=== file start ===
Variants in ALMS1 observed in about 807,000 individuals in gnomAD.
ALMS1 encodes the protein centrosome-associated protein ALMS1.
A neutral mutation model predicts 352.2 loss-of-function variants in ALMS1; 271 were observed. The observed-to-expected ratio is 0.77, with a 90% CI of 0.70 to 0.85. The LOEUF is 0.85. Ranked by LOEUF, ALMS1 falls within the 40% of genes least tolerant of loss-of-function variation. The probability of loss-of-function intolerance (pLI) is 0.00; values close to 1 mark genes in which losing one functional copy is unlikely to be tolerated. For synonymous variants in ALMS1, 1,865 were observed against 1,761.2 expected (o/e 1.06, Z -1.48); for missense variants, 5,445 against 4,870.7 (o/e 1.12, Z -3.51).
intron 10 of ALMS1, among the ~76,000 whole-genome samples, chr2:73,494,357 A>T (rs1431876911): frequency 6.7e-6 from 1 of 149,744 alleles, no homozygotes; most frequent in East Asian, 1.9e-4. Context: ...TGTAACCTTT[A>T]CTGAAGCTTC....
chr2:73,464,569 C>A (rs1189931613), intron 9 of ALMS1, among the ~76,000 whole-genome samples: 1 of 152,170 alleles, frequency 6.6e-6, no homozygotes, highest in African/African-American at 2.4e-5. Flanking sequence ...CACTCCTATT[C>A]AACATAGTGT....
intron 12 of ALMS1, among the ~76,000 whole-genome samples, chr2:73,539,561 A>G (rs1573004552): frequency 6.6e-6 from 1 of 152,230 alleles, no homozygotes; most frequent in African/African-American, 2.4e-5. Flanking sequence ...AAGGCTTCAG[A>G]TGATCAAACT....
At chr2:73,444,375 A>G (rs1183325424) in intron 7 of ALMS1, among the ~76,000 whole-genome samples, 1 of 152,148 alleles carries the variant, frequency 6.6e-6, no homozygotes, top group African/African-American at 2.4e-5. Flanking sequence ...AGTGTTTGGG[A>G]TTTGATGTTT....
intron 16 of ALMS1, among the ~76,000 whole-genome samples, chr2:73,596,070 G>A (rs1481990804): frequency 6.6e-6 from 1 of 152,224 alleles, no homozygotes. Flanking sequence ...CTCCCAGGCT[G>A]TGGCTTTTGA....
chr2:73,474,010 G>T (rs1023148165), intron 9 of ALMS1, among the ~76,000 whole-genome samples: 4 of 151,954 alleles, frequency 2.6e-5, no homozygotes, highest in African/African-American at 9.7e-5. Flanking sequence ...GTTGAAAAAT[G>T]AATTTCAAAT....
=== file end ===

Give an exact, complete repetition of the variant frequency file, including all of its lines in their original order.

Variants in ALMS1 observed in about 807,000 individuals in gnomAD.
ALMS1 encodes the protein centrosome-associated protein ALMS1.
A neutral mutation model predicts 352.2 loss-of-function variants in ALMS1; 271 were observed. The observed-to-expected ratio is 0.77, with a 90% CI of 0.70 to 0.85. The LOEUF is 0.85. Ranked by LOEUF, ALMS1 falls within the 40% of genes least tolerant of loss-of-function variation. The probability of loss-of-function intolerance (pLI) is 0.00; values close to 1 mark genes in which losing one functional copy is unlikely to be tolerated. For synonymous variants in ALMS1, 1,865 were observed against 1,761.2 expected (o/e 1.06, Z -1.48); for missense variants, 5,445 against 4,870.7 (o/e 1.12, Z -3.51).
intron 10 of ALMS1, among the ~76,000 whole-genome samples, chr2:73,494,357 A>T (rs1431876911): frequency 6.7e-6 from 1 of 149,744 alleles, no homozygotes; most frequent in East Asian, 1.9e-4. Context: ...TGTAACCTTT[A>T]CTGAAGCTTC....
chr2:73,464,569 C>A (rs1189931613), intron 9 of ALMS1, among the ~76,000 whole-genome samples: 1 of 152,170 alleles, frequency 6.6e-6, no homozygotes, highest in African/African-American at 2.4e-5. Flanking sequence ...CACTCCTATT[C>A]AACATAGTGT....
intron 12 of ALMS1, among the ~76,000 whole-genome samples, chr2:73,539,561 A>G (rs1573004552): frequency 6.6e-6 from 1 of 152,230 alleles, no homozygotes; most frequent in African/African-American, 2.4e-5. Flanking sequence ...AAGGCTTCAG[A>G]TGATCAAACT....
At chr2:73,444,375 A>G (rs1183325424) in intron 7 of ALMS1, among the ~76,000 whole-genome samples, 1 of 152,148 alleles carries the variant, frequency 6.6e-6, no homozygotes, top group African/African-American at 2.4e-5. Flanking sequence ...AGTGTTTGGG[A>G]TTTGATGTTT....
intron 16 of ALMS1, among the ~76,000 whole-genome samples, chr2:73,596,070 G>A (rs1481990804): frequency 6.6e-6 from 1 of 152,224 alleles, no homozygotes. Flanking sequence ...CTCCCAGGCT[G>A]TGGCTTTTGA....
chr2:73,474,010 G>T (rs1023148165), intron 9 of ALMS1, among the ~76,000 whole-genome samples: 4 of 151,954 alleles, frequency 2.6e-5, no homozygotes, highest in African/African-American at 9.7e-5. Flanking sequence ...GTTGAAAAAT[G>T]AATTTCAAAT....